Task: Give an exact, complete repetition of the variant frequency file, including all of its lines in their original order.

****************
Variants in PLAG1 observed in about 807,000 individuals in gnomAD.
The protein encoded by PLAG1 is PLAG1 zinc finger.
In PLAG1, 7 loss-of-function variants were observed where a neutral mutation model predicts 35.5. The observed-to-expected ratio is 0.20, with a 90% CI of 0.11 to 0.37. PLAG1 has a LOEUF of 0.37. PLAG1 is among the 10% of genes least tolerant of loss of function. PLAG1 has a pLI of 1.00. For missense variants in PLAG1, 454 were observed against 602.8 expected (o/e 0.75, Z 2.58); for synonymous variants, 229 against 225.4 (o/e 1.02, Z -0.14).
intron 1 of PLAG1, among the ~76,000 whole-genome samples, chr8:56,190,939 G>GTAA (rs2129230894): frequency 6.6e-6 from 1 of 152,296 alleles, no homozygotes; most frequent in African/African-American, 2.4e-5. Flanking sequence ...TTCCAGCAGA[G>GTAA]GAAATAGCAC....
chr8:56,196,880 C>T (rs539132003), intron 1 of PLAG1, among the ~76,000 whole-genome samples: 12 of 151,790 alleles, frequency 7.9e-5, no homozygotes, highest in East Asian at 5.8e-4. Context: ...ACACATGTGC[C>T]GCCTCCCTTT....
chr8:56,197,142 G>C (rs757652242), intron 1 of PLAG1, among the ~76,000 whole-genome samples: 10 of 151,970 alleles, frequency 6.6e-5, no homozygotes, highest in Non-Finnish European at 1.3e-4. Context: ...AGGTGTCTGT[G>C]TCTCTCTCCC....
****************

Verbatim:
Variants in PLAG1 observed in about 807,000 individuals in gnomAD.
The protein encoded by PLAG1 is PLAG1 zinc finger.
In PLAG1, 7 loss-of-function variants were observed where a neutral mutation model predicts 35.5. The observed-to-expected ratio is 0.20, with a 90% CI of 0.11 to 0.37. PLAG1 has a LOEUF of 0.37. PLAG1 is among the 10% of genes least tolerant of loss of function. PLAG1 has a pLI of 1.00. For missense variants in PLAG1, 454 were observed against 602.8 expected (o/e 0.75, Z 2.58); for synonymous variants, 229 against 225.4 (o/e 1.02, Z -0.14).
intron 1 of PLAG1, among the ~76,000 whole-genome samples, chr8:56,190,939 G>GTAA (rs2129230894): frequency 6.6e-6 from 1 of 152,296 alleles, no homozygotes; most frequent in African/African-American, 2.4e-5. Flanking sequence ...TTCCAGCAGA[G>GTAA]GAAATAGCAC....
chr8:56,196,880 C>T (rs539132003), intron 1 of PLAG1, among the ~76,000 whole-genome samples: 12 of 151,790 alleles, frequency 7.9e-5, no homozygotes, highest in East Asian at 5.8e-4. Context: ...ACACATGTGC[C>T]GCCTCCCTTT....
chr8:56,197,142 G>C (rs757652242), intron 1 of PLAG1, among the ~76,000 whole-genome samples: 10 of 151,970 alleles, frequency 6.6e-5, no homozygotes, highest in Non-Finnish European at 1.3e-4. Context: ...AGGTGTCTGT[G>C]TCTCTCTCCC....